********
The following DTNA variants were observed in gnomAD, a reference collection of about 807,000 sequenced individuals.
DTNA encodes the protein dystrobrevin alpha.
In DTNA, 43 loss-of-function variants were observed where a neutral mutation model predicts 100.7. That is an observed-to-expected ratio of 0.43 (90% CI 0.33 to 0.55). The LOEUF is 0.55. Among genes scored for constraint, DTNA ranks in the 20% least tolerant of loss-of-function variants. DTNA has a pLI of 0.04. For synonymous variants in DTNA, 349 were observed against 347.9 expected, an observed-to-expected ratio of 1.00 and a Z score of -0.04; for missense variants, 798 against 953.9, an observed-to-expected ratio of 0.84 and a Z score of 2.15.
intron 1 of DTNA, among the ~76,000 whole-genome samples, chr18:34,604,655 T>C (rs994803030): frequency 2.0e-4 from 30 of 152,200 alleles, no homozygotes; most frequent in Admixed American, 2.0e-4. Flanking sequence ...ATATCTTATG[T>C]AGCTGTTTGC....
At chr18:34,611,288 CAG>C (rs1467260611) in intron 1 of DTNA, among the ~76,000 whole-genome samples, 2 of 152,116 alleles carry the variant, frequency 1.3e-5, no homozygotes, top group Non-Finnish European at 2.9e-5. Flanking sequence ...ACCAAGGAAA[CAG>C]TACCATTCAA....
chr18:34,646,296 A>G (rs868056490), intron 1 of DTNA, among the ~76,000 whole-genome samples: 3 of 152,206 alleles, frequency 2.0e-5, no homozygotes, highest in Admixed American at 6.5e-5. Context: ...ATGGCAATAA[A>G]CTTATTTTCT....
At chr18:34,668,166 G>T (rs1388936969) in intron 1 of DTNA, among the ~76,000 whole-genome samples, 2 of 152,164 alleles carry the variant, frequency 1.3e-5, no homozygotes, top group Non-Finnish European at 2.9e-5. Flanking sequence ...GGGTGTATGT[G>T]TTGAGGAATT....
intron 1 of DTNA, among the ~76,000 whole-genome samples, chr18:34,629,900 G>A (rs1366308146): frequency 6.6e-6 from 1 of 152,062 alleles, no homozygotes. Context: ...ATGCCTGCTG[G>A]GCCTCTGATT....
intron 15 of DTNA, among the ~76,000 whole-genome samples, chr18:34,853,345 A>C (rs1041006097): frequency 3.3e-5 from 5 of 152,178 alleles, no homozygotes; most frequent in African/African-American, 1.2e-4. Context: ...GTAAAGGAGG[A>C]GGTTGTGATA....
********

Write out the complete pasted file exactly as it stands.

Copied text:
The following DTNA variants were observed in gnomAD, a reference collection of about 807,000 sequenced individuals.
DTNA encodes the protein dystrobrevin alpha.
In DTNA, 43 loss-of-function variants were observed where a neutral mutation model predicts 100.7. That is an observed-to-expected ratio of 0.43 (90% CI 0.33 to 0.55). The LOEUF is 0.55. Among genes scored for constraint, DTNA ranks in the 20% least tolerant of loss-of-function variants. DTNA has a pLI of 0.04. For synonymous variants in DTNA, 349 were observed against 347.9 expected, an observed-to-expected ratio of 1.00 and a Z score of -0.04; for missense variants, 798 against 953.9, an observed-to-expected ratio of 0.84 and a Z score of 2.15.
intron 1 of DTNA, among the ~76,000 whole-genome samples, chr18:34,604,655 T>C (rs994803030): frequency 2.0e-4 from 30 of 152,200 alleles, no homozygotes; most frequent in Admixed American, 2.0e-4. Flanking sequence ...ATATCTTATG[T>C]AGCTGTTTGC....
At chr18:34,611,288 CAG>C (rs1467260611) in intron 1 of DTNA, among the ~76,000 whole-genome samples, 2 of 152,116 alleles carry the variant, frequency 1.3e-5, no homozygotes, top group Non-Finnish European at 2.9e-5. Flanking sequence ...ACCAAGGAAA[CAG>C]TACCATTCAA....
chr18:34,646,296 A>G (rs868056490), intron 1 of DTNA, among the ~76,000 whole-genome samples: 3 of 152,206 alleles, frequency 2.0e-5, no homozygotes, highest in Admixed American at 6.5e-5. Context: ...ATGGCAATAA[A>G]CTTATTTTCT....
At chr18:34,668,166 G>T (rs1388936969) in intron 1 of DTNA, among the ~76,000 whole-genome samples, 2 of 152,164 alleles carry the variant, frequency 1.3e-5, no homozygotes, top group Non-Finnish European at 2.9e-5. Flanking sequence ...GGGTGTATGT[G>T]TTGAGGAATT....
intron 1 of DTNA, among the ~76,000 whole-genome samples, chr18:34,629,900 G>A (rs1366308146): frequency 6.6e-6 from 1 of 152,062 alleles, no homozygotes. Context: ...ATGCCTGCTG[G>A]GCCTCTGATT....
intron 15 of DTNA, among the ~76,000 whole-genome samples, chr18:34,853,345 A>C (rs1041006097): frequency 3.3e-5 from 5 of 152,178 alleles, no homozygotes; most frequent in African/African-American, 1.2e-4. Context: ...GTAAAGGAGG[A>C]GGTTGTGATA....